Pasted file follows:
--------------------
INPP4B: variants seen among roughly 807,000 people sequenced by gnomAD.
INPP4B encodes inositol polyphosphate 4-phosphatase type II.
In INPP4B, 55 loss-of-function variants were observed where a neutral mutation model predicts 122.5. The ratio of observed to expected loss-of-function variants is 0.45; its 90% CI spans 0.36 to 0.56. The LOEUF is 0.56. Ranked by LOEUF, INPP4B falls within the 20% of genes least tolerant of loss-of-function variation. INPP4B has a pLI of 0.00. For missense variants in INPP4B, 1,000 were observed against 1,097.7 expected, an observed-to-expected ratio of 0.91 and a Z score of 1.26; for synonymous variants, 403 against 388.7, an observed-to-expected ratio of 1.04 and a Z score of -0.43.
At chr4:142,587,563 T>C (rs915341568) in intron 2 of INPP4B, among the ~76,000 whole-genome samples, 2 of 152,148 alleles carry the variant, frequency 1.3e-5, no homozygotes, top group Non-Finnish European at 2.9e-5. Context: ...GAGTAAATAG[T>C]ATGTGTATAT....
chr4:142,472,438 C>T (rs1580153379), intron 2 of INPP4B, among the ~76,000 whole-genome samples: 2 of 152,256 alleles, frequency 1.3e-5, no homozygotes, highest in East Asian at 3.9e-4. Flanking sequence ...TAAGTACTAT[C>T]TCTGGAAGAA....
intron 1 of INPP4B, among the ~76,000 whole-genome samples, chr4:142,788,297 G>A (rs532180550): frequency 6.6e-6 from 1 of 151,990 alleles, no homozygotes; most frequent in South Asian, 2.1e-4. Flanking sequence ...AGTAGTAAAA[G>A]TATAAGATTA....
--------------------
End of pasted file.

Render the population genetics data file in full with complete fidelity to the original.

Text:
INPP4B: variants seen among roughly 807,000 people sequenced by gnomAD.
INPP4B encodes inositol polyphosphate 4-phosphatase type II.
In INPP4B, 55 loss-of-function variants were observed where a neutral mutation model predicts 122.5. The ratio of observed to expected loss-of-function variants is 0.45; its 90% CI spans 0.36 to 0.56. The LOEUF is 0.56. Ranked by LOEUF, INPP4B falls within the 20% of genes least tolerant of loss-of-function variation. INPP4B has a pLI of 0.00. For missense variants in INPP4B, 1,000 were observed against 1,097.7 expected, an observed-to-expected ratio of 0.91 and a Z score of 1.26; for synonymous variants, 403 against 388.7, an observed-to-expected ratio of 1.04 and a Z score of -0.43.
At chr4:142,587,563 T>C (rs915341568) in intron 2 of INPP4B, among the ~76,000 whole-genome samples, 2 of 152,148 alleles carry the variant, frequency 1.3e-5, no homozygotes, top group Non-Finnish European at 2.9e-5. Context: ...GAGTAAATAG[T>C]ATGTGTATAT....
chr4:142,472,438 C>T (rs1580153379), intron 2 of INPP4B, among the ~76,000 whole-genome samples: 2 of 152,256 alleles, frequency 1.3e-5, no homozygotes, highest in East Asian at 3.9e-4. Flanking sequence ...TAAGTACTAT[C>T]TCTGGAAGAA....
intron 1 of INPP4B, among the ~76,000 whole-genome samples, chr4:142,788,297 G>A (rs532180550): frequency 6.6e-6 from 1 of 151,990 alleles, no homozygotes; most frequent in South Asian, 2.1e-4. Flanking sequence ...AGTAGTAAAA[G>A]TATAAGATTA....